BORN at Gartmore in 1846, and educated at Dalmary School there, and St. Enoch School and the Andersonian University in Glasgow, Colonel McFarlane began business life at the age of sixteen with his brother Robert at Helensburgh. Afterwards he spent four years in a grain store in Glasgow. Then in 1869 he began business for himself as a grain merchant in North Street with his brother Malcolm, who retired some twenty-four years ago. The firm had a branch in Coleraine, and a number of agencies in West Africa, and at the present hour has far-spreading interests and connections. More recently his firm secured the business and premises of Henry Lawson & Sons, job masters, Berkeley Street, which has been greatly extended and improved. Colonel McFarlane began public life as a reforming member of the Barony Parochial Board, and he entered the Town Council in 1884 as a representative of the old twelfth ward, now the fourteenth. There he has served the city for some twenty-three years, of which he was a Magistrate for four; and as convener of the Statute Labour Committee he had the honour of laying the foundation stones of three bridges - Millbrae Bridge over the Cart, Rutherglen Bridge over the Clyde, and Kirklee Bridge over the Kelvin. Among other work of city improvement in which he has had a chief share has been the widening of Sandyford Street, Woodlands Road, and Pollokshaws Road, and he had a large share in the mapping out of the city into new divisions some years ago. He is also a member of the Clyde Trust, and Preceptor of Hutchesons' Hospital.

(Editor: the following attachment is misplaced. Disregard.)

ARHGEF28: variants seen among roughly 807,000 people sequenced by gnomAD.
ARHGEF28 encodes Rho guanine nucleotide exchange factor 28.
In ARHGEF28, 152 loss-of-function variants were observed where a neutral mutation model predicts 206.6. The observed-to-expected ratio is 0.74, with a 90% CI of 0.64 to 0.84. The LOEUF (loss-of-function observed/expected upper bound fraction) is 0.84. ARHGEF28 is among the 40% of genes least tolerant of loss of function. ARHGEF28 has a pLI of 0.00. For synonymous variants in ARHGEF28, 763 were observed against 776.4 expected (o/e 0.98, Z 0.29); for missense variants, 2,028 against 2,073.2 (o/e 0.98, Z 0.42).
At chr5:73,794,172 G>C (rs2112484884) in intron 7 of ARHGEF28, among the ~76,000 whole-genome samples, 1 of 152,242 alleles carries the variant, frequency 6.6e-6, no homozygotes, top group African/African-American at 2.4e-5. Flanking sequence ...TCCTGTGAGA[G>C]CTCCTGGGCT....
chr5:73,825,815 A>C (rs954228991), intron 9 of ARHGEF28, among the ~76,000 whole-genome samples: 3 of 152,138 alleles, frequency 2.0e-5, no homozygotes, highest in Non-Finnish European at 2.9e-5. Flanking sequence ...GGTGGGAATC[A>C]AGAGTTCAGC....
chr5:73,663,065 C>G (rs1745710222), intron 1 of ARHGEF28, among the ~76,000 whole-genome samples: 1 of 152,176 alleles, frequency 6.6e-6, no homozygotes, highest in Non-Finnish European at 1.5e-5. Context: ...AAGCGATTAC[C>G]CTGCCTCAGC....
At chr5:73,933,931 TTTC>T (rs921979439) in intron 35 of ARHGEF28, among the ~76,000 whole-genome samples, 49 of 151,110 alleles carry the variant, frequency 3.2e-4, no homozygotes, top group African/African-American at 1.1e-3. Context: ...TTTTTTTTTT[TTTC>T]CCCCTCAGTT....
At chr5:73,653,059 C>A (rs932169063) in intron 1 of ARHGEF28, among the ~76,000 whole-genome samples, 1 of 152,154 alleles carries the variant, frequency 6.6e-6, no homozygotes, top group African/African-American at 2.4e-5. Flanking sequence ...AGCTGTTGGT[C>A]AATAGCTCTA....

His first commission in the Volunteers dates from 11th April, 1872. After three years in the 1st Dunbarton regiment he joined the 1st Lanarkshire Rifle Volunteers, in which he rose step by step to the position of Colonel Commandant. An enthusiast for the cause, he was the originator of "marches out," and among memorable exploits he conducted the famous midnight march to Lenzie and the three days' march to Gartmore and round Loch Katrine. He has also been the organiser of military tournaments on occasions of public rejoicing, and notably of the grand tournament in Queen's Park on the occasion of their Majesties' coronation. In 1906 he was decorated by the King with membership of the Victorian Order, and though he latterly resigned from the Volunteers he retains his uniform and rank, as well as enthusiasm for Territorial affairs.

    An enthusiastic horseman and shot, he still finds time to attend to many social interests. He is a member of the Chamber of Commerce and of the Merchants' House, and a past President of the Perthshire Benevolent Society. He is also a Freemason, a Free Gardener, a Forester, and a member of the Glasgow Liberal Club and the Royal Clyde Yacht Club. He is a keen politician, and has been President of Glasgow Central Liberal Association.

    Colonel McFarlane married in 1872, Marion Buchanan, daughter of William McCallum, portioner, Glasgow, and has three sons and three daughters.

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